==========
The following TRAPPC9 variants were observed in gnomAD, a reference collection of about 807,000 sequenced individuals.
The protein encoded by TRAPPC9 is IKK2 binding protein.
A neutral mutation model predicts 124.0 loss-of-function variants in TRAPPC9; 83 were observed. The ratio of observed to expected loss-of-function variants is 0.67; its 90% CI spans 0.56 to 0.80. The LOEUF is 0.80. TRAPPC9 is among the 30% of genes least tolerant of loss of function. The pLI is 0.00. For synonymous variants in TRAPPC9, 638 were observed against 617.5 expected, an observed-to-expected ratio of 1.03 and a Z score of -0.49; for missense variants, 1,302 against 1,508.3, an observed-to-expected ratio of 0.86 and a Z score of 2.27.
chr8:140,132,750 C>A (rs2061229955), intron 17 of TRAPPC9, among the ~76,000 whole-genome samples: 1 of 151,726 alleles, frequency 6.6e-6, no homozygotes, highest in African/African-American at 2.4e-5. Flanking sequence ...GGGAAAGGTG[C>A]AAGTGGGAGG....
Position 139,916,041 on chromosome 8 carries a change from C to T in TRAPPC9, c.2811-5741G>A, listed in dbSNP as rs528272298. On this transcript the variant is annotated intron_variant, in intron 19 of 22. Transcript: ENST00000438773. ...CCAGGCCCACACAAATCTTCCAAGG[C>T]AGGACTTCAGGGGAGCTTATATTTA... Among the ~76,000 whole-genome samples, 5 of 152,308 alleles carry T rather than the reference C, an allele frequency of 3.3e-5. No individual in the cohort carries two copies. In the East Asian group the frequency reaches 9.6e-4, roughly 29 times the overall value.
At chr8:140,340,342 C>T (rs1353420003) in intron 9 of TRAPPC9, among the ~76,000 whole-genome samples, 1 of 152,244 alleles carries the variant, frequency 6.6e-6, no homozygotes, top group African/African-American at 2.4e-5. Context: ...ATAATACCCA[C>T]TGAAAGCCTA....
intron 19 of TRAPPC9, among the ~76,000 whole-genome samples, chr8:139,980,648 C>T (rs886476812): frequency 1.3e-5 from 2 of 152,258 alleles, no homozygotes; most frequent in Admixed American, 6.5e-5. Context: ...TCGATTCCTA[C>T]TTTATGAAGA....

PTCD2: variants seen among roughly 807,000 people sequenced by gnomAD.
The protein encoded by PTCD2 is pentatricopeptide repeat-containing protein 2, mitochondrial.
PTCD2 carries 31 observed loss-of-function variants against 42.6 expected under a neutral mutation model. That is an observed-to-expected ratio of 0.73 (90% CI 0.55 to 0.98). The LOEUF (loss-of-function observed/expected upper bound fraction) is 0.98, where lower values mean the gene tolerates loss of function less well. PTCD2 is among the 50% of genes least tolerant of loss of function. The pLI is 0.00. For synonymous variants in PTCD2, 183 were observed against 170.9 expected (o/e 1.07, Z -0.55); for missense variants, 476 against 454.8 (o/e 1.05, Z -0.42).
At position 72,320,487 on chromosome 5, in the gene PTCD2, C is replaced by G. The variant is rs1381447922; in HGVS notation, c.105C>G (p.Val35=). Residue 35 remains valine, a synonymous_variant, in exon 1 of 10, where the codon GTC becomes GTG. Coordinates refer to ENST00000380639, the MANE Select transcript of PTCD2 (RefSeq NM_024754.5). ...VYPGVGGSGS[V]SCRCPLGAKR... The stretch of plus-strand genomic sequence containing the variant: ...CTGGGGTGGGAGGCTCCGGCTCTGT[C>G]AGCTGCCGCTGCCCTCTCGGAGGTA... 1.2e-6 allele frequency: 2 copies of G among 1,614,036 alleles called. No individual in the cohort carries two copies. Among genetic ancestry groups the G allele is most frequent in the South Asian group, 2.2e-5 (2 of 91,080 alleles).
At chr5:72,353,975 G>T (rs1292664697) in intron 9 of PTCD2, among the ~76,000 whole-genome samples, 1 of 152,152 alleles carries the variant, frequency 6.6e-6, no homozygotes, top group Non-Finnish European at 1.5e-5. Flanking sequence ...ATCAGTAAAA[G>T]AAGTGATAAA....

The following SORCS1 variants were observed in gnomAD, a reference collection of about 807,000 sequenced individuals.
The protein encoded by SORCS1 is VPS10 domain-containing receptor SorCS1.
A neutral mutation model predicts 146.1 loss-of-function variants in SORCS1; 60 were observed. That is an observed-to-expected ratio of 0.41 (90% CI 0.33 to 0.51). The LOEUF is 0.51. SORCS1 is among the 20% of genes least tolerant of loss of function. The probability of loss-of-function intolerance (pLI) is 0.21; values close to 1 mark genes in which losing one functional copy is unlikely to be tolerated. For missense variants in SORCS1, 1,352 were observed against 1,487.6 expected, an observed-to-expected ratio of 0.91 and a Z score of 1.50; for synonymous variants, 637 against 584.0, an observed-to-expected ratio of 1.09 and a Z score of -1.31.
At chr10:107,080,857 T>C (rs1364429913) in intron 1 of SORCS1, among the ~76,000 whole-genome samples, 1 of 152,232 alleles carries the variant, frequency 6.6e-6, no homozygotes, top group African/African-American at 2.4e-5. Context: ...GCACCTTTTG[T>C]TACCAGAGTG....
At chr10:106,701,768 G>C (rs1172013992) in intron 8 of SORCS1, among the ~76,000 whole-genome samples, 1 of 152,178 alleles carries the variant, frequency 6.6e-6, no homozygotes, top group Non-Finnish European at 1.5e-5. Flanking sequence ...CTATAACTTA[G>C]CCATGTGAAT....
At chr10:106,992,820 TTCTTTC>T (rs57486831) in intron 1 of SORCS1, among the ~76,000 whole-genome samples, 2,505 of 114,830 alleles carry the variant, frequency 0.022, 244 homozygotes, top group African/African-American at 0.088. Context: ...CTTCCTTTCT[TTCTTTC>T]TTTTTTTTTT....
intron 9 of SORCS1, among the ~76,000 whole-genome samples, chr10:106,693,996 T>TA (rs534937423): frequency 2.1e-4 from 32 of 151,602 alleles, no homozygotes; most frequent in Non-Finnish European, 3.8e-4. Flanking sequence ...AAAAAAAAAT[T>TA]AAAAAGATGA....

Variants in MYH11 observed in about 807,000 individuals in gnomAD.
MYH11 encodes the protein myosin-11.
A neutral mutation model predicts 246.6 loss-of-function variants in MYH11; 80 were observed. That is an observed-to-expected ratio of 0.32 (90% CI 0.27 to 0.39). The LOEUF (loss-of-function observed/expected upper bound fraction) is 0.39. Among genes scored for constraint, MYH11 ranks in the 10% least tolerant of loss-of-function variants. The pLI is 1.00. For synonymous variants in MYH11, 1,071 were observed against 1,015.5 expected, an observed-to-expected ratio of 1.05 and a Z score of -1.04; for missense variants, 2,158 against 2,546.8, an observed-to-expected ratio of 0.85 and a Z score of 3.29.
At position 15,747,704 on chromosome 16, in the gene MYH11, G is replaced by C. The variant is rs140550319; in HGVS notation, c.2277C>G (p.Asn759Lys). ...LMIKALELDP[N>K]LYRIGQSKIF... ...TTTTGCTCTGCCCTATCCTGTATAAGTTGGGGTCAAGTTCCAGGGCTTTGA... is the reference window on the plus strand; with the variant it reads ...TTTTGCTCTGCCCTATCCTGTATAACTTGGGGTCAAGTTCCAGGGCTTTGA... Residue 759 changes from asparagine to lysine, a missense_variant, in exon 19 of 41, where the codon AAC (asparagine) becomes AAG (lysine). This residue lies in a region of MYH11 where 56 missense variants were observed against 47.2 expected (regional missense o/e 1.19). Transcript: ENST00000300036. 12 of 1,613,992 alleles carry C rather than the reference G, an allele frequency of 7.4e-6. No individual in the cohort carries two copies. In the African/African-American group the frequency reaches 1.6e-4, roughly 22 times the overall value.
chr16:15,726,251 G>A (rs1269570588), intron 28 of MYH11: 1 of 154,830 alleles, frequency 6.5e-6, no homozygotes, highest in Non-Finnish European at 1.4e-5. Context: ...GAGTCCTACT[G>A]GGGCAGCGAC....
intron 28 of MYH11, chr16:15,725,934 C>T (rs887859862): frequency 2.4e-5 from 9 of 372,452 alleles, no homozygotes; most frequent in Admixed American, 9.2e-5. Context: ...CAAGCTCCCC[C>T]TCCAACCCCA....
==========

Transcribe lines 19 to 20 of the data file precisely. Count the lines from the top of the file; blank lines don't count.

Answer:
intron 9 of SORCS1, among the ~76,000 whole-genome samples, chr10:106,693,996 T>TA (rs534937423): frequency 2.1e-4 from 32 of 151,602 alleles, no homozygotes; most frequent in Non-Finnish European, 3.8e-4. Flanking sequence ...AAAAAAAAAT[T>TA]AAAAAGATGA....

Variants in MYH11 observed in about 807,000 individuals in gnomAD.